- Fish Breeding
|It'sJames ||10-30-2008 02:40 PM |
German Ram eggs - help!
On my way to bed last night I checked in on my tank, and quite to my suprise, there was a batch of eggs from the German Rams I bought about two weeks ago. The male has been carefully guarding them from the platies, and switches off with the female occasionally. I'm not exactly sure when they spawned, but I'm thinking it was late on Wednesday. Is there anything I can do to make the chances that the eggs survive any higher? What should I feed the fry if they hatch? Should I move them to their own tank, or remove the other fish from the tank the eggs are already in? I've never had any fish lay eggs before, so I'm a bit clueless. I'm doing lots of reading online, but I thought I'd put this up and see if I could get a little extra help.
|iamntbatman ||10-30-2008 03:56 PM |
I've never bred rams before, but from what I understand it's a fairly similar experience to breeding kribensis, so I can give you my experience there.
Like kribs, rams are supposed to be excellent parents and should do a good job of guarding the eggs. However, if you've got snails or plecos or anything similar, you might want to remove them as they could sneak up and eat the eggs during the night. Once the eggs hatch it will be a little while before the fry are free-swimming; during this stage they just feed off of their attached yolk sacs. After they become free swimming, the parents will lead them on little expeditions around the tank to graze. My kribs did an excellent job of keeping the cories, danios and gourami at bay so I lost few fry. Depending on how insistent the platies are about eating the fry, you may have to remove them or the adult rams could really do some damage. I fed my young fry a finely ground mixture of flake, algae wafers and shrimp pellets, ground up with the handle of an exacto knife in a shotglass as a makeshift mortar and pestle. I then used an eyedropper to add some water to the mixture, swirled it around to mix it evenly, then sucked it up and squirted it at the fry. As they grew I switched over to increasingly more coarsely ground flake.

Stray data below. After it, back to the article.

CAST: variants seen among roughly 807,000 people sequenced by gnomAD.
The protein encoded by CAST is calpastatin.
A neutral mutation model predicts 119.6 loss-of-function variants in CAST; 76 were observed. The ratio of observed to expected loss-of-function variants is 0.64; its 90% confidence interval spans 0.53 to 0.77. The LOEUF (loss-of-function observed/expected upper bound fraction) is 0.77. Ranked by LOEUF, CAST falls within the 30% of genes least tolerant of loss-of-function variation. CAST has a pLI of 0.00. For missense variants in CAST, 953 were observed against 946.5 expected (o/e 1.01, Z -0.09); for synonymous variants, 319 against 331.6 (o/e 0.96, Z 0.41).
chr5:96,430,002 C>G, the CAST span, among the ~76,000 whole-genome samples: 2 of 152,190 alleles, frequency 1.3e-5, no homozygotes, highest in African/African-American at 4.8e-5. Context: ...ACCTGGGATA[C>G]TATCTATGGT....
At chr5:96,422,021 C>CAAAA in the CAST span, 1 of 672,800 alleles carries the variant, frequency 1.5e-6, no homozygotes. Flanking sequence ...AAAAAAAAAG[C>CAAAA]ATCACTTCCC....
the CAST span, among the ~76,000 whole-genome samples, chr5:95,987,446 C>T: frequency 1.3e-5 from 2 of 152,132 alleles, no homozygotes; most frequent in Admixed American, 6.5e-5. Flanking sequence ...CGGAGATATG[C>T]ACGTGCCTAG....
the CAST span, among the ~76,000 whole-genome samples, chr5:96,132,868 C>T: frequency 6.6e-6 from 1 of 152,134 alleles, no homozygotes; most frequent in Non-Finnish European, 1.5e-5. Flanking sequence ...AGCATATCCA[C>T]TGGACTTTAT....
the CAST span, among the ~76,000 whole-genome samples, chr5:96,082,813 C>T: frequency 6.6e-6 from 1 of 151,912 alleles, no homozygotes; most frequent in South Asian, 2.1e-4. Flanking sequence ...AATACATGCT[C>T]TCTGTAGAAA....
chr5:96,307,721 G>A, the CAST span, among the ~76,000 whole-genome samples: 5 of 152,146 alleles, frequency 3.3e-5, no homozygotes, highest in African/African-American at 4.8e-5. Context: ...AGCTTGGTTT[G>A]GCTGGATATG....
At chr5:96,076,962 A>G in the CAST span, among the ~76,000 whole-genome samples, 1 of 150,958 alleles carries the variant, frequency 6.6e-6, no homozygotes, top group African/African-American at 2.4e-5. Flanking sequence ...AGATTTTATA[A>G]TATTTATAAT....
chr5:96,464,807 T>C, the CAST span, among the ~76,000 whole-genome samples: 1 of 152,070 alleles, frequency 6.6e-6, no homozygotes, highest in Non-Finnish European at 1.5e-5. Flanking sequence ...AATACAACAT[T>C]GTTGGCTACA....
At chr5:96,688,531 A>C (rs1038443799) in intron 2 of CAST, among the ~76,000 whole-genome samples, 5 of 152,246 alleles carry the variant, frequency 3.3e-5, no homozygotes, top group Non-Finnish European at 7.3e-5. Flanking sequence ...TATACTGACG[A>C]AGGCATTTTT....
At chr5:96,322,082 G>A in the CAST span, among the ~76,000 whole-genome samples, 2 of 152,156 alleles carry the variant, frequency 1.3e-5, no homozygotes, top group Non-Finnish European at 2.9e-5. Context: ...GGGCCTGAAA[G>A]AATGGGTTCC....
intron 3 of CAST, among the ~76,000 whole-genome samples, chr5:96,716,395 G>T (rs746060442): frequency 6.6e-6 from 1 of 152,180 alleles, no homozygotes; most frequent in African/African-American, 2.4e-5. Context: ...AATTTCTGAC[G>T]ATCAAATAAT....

If any of this doesn't apply to breeding rams, please feel free to point it out!
|It'sJames ||10-31-2008 11:15 PM |
Most of the eggs have turned white now, which I assume is from fungus and will prevent them from hatching. I didn't have any few for them anyways, and I don't know if I could even get any before they would hatch. I am going to order some microworms anyways, and I'll keep reading up so I can be ready to care for the eggs next time. I hope they spawn again!
|aquadude ||12-03-2008 01:13 PM |
IF the rams are white it could just be them getting their color.Also for next time i suggest you buy some sort of a breeding tank.you should also search it on google images.:wink:
|iamntbatman ||12-04-2008 10:27 PM |
The eggs turned white, not the fish. They could have turned white either because they simply became infected with fungus or because they were never fertilized in the first place. There's really not a lot you can do to take care of the eggs; really all they need is water movement but the parents usually take care of that themselves.
As far as those breeding traps go...definitely not at all useful for breeding rams.
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